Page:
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Gold evokes mixed reactions in investors. The world's most famous investors -- Warren Buffett and Charlie Munger, are not gold fans.
In an interview on CNBC's Squawkbox, Munger once stated that "Gold is a great thing to sew into your garments if you are a Jewish family in Vienna in 1939. Civilised people don't buy gold. They invest in productive businesses."
In a 2012 interview, Buffett explained his anti-gold stance: "When we took over Berkshire, it was selling at $15 a share and gold was selling at $20 an ounce. Gold is now $1,600 and Berkshire is $120,000.
If you buy an ounce (28.3495 grams) of gold today and you hold it for a hundred years, you can go to it every day and you could coo to it and fondle it and a hundred years from now, you'll have one ounce of gold and it won't have done anything for you in between. You buy 100 acres of farm land and it will produce for you every year. You can buy more farmland and all kinds of things, and you still have 100 acres of farmland at the end of 100 years.
"You could buy the Dow Jones Industrial Average for 66 at the start of 1900. Gold was then $20 an ounce. At the end of the century, the Dow Jones was 11,400, and you would also have gotten dividends for a hundred years. So a decent productive asset will kill an unproductive asset."
When comparing holding gold to stocks such as Coca-Cola and Wells Fargo, Buffett once commented that "it's a lot better to have a goose that keeps laying eggs than a goose that just sits there and eats insurance and storage and a few things like that."
The argument in favour of gold is that it proves to be a safe haven. When everything else tumbles, gold is a refuge. Unfortunately, those who thought that gold would rally post the global market turmoil were in for a surprise. Bloomberg reported that instead of a rally, futures in New York fell for four straight sessions even as global equities plunged to a two-year low. Rather than providing a refuge from the meltdown, gold's volatility rose right along with a measure of equity turbulence, diminishing its appeal as a haven.
Ben Johnson, director of passive funds research at Morningstar, shared his views on Morningstar's UK website.
Gold is traditionally sought after as a store of value in times of severe economic dislocation, an insurance policy against financial Armageddon. Most notably, gold has in the past proven a useful hedge against inflation. Its value as an inflation hedge and its low-to-negative correlations with most broad asset classes can make gold a worthwhile investment for a small portion of an investor's portfolio.
As for an investment in physical gold through an exchange traded product (ETP), we think that gold ETPs are easily some of the least costly and most liquid ways to achieve one's gilded aspirations that exist.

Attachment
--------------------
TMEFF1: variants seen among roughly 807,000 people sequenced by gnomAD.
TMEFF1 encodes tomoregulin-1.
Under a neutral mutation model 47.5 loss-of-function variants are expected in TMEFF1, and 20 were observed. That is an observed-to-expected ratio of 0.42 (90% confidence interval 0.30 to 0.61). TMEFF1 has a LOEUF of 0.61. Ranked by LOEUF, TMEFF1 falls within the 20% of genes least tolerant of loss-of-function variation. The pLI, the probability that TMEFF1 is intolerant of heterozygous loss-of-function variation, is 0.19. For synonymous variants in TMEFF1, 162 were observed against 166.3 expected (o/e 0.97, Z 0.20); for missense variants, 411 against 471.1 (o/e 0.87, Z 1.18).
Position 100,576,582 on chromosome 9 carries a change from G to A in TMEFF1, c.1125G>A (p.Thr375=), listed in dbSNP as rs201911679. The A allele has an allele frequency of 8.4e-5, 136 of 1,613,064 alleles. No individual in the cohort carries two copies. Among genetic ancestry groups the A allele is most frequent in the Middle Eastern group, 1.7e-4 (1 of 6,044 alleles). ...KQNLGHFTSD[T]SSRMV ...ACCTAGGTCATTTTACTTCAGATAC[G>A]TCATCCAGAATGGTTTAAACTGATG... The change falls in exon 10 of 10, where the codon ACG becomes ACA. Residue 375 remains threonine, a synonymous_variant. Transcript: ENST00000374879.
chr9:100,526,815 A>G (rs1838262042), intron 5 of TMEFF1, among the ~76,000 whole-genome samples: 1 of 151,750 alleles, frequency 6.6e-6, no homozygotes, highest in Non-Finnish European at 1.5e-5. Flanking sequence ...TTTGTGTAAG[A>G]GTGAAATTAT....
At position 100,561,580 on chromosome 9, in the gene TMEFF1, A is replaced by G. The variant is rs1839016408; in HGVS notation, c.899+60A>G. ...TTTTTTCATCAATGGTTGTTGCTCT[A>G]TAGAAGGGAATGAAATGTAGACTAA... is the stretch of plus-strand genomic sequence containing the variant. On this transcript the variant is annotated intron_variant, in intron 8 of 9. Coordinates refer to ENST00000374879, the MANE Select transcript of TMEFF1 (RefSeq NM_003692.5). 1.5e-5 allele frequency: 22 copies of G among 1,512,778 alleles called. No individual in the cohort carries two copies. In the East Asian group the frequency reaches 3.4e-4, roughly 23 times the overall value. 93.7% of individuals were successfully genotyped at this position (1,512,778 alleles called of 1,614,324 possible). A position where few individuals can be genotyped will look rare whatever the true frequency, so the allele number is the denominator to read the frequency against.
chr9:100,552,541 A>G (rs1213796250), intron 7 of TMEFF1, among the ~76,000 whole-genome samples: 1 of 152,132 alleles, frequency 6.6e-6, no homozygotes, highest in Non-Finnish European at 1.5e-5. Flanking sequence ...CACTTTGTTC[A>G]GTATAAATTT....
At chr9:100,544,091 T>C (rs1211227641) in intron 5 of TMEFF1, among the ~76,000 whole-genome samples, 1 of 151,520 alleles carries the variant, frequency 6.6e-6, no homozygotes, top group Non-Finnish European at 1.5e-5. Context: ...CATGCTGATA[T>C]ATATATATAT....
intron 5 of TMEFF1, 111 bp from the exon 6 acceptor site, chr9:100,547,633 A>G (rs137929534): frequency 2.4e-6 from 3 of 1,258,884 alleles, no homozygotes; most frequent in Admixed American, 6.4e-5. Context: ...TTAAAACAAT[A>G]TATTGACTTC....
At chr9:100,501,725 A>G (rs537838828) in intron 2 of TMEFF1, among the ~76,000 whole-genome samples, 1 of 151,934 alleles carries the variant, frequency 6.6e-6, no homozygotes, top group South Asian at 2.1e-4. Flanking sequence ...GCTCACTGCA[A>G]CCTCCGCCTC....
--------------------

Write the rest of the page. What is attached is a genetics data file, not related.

How can one value something that's worth nothing?
Gold has no intrinsic value. The yellow metal does not produce earnings or cash flows that it can share with investors, like equities. Nor does it throw off fixed or floating coupon payments, as a bond does. Financial theory tells us that a security's intrinsic worth is equivalent to the present value of the future cash flows it will generate. With no cash flows to project and discount back to today, at the end of the day gold is a purely speculative instrument: it is only worth what someone else is willing to pay for it.
The speculative nature of an investment in gold doesn't differentiate it from other commodities like oil or wheat, which, like gold, have no intrinsic worth.
What makes gold different from most commodities is that it has little practical use. Gold cannot fuel a car or provide nourishment.
According to the World Gold Council, only around 10 per cent of current gold demand comes in the form of practical uses -- such as in dentistry and electronics. The majority of gold demand, around 49 per cent, comes from the jewellery industry, with India and China being the most notable drivers of incremental consumption in recent years. Meanwhile, the remainder of the global appetite for the yellow metal comes from investors.
Investment demand for gold has surged in recent years as concerns over paper currencies have flared and the world's most precious metal has been made increasingly accessible to the masses, thanks to a handful of industrious ETP providers. Gold is now more accessible than ever -- when else in history has gold been sold from vending machines?
Whether the price of gold will soon tumble or spiral higher is nearly impossible to tell. What we can say for certain is that the ETFs, backed by physical gold, are an excellent way to gain exposure to the yellow metal for investors and speculators alike.
The vast majority of bullion-tracking ETF assets can be found in products that invest directly in physical gold, and will track movements in the spot price of the yellow metal, minus fees. Most are benchmarked to the London Gold Fixing. The London Gold Fixing takes place twice each business day at 10:30am and 3pm. The fixing process determines the settlement price for contracts arranged amongst the members of the London Bullion Market. This price -- which is expressed in terms of US dollars per troy ounce (31.1034768 grams) -- is in turn used as a benchmark for the vast majority of the gold products and gold-related derivatives around the globe.
Photograph: David Jones/Creative Commons